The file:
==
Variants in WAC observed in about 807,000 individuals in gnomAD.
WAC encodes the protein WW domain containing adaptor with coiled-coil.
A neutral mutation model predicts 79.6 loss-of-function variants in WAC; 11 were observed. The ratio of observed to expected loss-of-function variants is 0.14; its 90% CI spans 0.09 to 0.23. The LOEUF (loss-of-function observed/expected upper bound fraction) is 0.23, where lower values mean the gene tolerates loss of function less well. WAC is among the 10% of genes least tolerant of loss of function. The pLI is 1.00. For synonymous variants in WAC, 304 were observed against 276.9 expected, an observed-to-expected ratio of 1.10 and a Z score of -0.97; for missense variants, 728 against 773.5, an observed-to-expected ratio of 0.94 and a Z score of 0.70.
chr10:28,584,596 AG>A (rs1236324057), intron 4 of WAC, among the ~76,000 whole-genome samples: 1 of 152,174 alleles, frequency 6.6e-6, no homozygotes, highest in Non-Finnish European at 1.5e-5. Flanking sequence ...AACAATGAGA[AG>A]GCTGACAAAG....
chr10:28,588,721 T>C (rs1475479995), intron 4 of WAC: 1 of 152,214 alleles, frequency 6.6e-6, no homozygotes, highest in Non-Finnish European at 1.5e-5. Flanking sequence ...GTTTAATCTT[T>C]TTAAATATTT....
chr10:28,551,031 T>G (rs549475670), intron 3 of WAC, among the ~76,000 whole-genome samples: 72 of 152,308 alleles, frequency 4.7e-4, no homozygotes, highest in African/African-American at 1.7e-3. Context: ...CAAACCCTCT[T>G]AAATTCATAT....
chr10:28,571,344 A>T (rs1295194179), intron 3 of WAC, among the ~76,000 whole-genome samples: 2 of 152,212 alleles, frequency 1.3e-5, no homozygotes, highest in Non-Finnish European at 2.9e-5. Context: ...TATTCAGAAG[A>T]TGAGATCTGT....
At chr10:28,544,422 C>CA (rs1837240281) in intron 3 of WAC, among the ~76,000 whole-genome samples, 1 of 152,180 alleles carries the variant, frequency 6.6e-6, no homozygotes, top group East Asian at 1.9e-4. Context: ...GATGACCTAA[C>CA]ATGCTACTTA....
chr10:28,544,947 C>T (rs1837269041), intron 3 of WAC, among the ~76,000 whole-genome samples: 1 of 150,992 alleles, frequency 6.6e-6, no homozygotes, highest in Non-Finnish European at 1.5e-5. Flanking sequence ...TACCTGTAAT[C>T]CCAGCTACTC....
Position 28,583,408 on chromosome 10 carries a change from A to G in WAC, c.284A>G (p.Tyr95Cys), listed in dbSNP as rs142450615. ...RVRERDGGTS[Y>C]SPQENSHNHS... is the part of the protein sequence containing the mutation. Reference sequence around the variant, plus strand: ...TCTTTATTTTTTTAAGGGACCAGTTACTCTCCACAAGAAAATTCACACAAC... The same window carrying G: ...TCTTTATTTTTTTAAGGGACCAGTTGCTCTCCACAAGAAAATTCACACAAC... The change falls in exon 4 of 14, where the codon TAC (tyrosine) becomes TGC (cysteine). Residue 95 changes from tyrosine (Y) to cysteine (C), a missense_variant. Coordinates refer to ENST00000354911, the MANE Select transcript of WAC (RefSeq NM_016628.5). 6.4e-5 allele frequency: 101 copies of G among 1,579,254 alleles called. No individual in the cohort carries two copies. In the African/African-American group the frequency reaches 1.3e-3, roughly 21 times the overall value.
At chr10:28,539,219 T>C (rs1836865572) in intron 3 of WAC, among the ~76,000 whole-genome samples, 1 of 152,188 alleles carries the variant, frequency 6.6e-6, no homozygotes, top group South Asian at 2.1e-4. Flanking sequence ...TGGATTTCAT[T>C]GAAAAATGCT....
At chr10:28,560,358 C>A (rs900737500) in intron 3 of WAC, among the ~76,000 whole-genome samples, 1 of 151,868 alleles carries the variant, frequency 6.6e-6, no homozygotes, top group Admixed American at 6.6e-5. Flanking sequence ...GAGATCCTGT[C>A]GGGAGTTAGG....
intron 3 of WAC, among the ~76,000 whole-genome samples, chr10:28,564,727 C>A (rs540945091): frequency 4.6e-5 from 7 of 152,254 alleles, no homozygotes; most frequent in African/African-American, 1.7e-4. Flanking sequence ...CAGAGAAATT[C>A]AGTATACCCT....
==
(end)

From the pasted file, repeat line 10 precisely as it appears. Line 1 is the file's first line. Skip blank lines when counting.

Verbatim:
Position 28,583,408 on chromosome 10 carries a change from A to G in WAC, c.284A>G (p.Tyr95Cys), listed in dbSNP as rs142450615. ...RVRERDGGTS[Y>C]SPQENSHNHS... is the part of the protein sequence containing the mutation. Reference sequence around the variant, plus strand: ...TCTTTATTTTTTTAAGGGACCAGTTACTCTCCACAAGAAAATTCACACAAC... The same window carrying G: ...TCTTTATTTTTTTAAGGGACCAGTTGCTCTCCACAAGAAAATTCACACAAC... The change falls in exon 4 of 14, where the codon TAC (tyrosine) becomes TGC (cysteine). Residue 95 changes from tyrosine (Y) to cysteine (C), a missense_variant. Coordinates refer to ENST00000354911, the MANE Select transcript of WAC (RefSeq NM_016628.5). 6.4e-5 allele frequency: 101 copies of G among 1,579,254 alleles called. No individual in the cohort carries two copies. In the African/African-American group the frequency reaches 1.3e-3, roughly 21 times the overall value.